SpaceTEC® Resource Blog for Aerospace Technicians


Caliper tools are considered transfer tools because the measurement cannot be read directly.  Caliper tools “make contact with the part (on the dimension being measured), are then locked in the measured position, and are measured with another tool…” such as a rule or micrometer. (Griffith 2003)  With caliper tools being a transfer tool, it doesn’t matter if the part being measured is in English or metric form.  The caliper tool is used to measure the part which then you can compare it to either a English or metric rule or micrometer.

Calipers can be also used as a go/no go tool.  You would preset and lock a caliper against a rule or master part and do a “fit check” on your part to see if a part meets the measurement required.

Though Caliper tools are good for regular measurements they should not be used when accuracy of less than 0.015 ” or 0.39 mm is required. (Krar and Check 1997)

There are two basic types of calipers, outside and inside calipers.


Outside calipers measure the outside surface of a round or flat surface.  The most common type of outside caliper is the spring joint caliper.   To use a outside caliper you would:

1. Measure the part with the caliper and lock it in place.

2. Compare the caliper to a rule to determine the measurement or compare it against a Master Part.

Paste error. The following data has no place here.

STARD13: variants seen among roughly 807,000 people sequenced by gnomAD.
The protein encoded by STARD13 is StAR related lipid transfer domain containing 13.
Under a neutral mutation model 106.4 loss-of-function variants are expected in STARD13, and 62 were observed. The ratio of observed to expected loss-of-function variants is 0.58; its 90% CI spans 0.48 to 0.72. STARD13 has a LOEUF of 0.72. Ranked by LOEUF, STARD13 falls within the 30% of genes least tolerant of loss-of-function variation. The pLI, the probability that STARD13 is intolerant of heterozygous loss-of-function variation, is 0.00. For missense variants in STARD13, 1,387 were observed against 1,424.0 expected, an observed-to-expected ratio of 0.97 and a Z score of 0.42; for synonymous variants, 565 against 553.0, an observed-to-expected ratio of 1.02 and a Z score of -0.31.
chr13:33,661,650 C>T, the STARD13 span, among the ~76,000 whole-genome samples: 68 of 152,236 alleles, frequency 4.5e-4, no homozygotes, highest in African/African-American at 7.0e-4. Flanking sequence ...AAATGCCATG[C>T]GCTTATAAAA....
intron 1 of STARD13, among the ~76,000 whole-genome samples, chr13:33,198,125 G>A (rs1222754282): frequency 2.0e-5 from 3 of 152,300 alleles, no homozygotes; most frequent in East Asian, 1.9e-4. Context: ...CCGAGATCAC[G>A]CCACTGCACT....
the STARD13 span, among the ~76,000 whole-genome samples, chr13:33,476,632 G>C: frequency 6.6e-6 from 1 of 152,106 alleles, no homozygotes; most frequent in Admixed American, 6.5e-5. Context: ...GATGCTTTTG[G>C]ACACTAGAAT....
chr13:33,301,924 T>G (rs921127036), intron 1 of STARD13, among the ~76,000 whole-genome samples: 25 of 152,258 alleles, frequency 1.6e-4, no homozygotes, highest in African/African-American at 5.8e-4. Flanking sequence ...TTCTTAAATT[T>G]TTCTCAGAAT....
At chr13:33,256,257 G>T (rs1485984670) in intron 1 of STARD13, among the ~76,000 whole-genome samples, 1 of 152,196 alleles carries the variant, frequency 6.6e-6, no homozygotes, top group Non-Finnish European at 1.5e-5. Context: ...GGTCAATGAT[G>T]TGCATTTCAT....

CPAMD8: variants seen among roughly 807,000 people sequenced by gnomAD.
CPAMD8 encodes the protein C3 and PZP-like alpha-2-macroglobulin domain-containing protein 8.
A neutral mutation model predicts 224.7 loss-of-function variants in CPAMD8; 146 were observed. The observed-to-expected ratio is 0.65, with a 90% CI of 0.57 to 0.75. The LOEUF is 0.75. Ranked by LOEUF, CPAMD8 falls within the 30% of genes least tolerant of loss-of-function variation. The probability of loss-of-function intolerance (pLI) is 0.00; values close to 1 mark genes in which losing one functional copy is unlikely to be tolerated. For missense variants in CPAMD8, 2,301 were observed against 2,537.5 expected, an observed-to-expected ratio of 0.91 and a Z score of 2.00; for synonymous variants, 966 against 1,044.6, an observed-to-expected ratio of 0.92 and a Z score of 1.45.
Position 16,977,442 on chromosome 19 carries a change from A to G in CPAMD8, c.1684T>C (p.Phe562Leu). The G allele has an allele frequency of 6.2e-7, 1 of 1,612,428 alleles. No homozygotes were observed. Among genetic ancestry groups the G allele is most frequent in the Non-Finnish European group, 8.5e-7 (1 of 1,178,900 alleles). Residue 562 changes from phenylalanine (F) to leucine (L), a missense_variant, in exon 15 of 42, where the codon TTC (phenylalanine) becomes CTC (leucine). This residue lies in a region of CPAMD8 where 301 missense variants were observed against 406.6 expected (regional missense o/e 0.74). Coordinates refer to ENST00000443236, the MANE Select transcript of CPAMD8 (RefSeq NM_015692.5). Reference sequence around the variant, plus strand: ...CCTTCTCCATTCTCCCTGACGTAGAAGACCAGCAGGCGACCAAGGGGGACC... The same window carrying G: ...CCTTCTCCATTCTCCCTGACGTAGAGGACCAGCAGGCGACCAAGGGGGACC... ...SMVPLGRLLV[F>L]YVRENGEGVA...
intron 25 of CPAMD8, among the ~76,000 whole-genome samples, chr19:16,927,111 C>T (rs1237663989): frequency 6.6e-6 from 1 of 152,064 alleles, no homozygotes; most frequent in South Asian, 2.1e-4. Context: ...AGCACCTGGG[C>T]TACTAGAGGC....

Inside Caliper

Inside Calipers are used to measure the inside diameters of a circular object such as a pipe or to measure the inside width of a slot or keyhole.

Using a inside caliper

1. Hold one leg against the bottom surface of the area your measuring with your finger.

2. Turn the adjusting nut until the second leg touches the opposite side and lock legs in place.

3. Compare the caliper against a rule or Master part, or for more accuracy, use a micrometer on the caliper.



Calipers are easy to use and very simple tools to add precision to your work.  Don’t underestimate a caliper’s usefulness when it comes to your work.

If there are any other common measuring tools or some other aerospace technician subjects you would like to see covered, please feel free to email your suggestion and we will work to cover it here.


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Tuesday, June 14th, 2011 Applied Mechanics, Tests and Measurements